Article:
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48 and Asthmatic is a Breast Lift and Tummy Tuck Safe to Do Together?
Doctor Answers (12)
Multiple procedures can be safely performed in one setting. But it depends on your health status (past medical history), your anatomy, and the amount of surgery/type of procedures to be done. If your asthma is well controlled and managed by your internist/PCP or pulmonogist, you should be OK. Your surgeon may recommend an overnight stay depending on the overall length of your procedure(s). Please confirm that your plastic surgeon is board certified plastic surgeon specifically by the American Board of Plastic Surgery and a member of the American Society of Plastic Surgeons. Wishing you a speedy recovery.
Patients with asthma can have combined operations safely is the asthma is under control.
Most studies show the combination procedures are just as safe as staggering the procedures. The patient with well-controlled asthma that is otherwise healthy can safely undergo an abdominoplasty in breast surgery.
Asthma and mommy makeover.
There is a large degree of variation in asthma from patients who have minor exercise induced asthma to those requiring a rescue inhaler throughout the day. Preoperative clearance, possible discussions with your pulmonologist, and anesthesia consultation for considerations in regard to procedure length and safety will all help determine what's right for you. A mommy makeover is a long operation for most patients and it is certainly reasonable to stage it if there is any question.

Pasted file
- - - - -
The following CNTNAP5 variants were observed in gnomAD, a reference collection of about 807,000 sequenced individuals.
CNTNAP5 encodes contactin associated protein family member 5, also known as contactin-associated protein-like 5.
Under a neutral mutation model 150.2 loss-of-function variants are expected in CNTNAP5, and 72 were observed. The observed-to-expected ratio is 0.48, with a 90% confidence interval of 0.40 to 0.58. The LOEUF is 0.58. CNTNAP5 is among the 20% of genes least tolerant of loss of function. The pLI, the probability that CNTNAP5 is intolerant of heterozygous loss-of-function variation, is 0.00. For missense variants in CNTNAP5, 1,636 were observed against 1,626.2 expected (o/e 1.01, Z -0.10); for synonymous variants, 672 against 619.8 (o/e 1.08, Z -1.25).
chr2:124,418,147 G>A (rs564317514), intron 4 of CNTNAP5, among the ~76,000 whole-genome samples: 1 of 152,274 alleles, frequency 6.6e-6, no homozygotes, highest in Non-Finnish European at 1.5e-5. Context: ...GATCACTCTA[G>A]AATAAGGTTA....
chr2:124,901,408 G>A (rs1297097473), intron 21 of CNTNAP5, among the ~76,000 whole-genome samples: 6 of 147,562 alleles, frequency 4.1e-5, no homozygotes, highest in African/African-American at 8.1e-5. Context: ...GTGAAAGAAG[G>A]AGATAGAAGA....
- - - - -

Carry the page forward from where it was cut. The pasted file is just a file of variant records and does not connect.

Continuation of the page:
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Mommy makeover can be performed safely with Asthma
A few years ago I switched to TIVA (total intravenous anesthesia) for all my cosmetic surgery. This has made the safety issue with asthmatics much less. We pre-treat with your inhaler before surgery and have had no problems with triggering asthmatic attacks in the perioperative period. If you are steroid dependent or still smoke this changes the ballgame. Good luck in your quest.
Tummy tuck and breast lift with asthma
These procedures can safely be performed together; asthma should not interfere with this at all. General anesthetics are usually good for asthma since they can be used to deliver bronchodilators.
Breast Lift and Tummy Tuck is safe when combined
Age alone is does not make a procedure unsafe. It depends on how severe is your asthma and can your body cope with the long anaesthetic. Your PS and Anaesthesiologist can tell you at the Pre op consult. If you have no other medical issues then I dont see a problem.
Safety of breast lift plus tummy tuck
Thank you for your question about combining a breast lift and tummy tuck.
- Age alone does not affect combining breast lift and tummy tuck.
- Well controlled asthma does not affect having a breast lift and tummy tuck.
- What is important? Length of surgery, obesity, diabetes, chronic lung or heart disease, past blood clots - among other issues.
- A good surgeon will assess your health before surgery. Hope this helps.
Safety of Multiple Procedure Surgery at 48?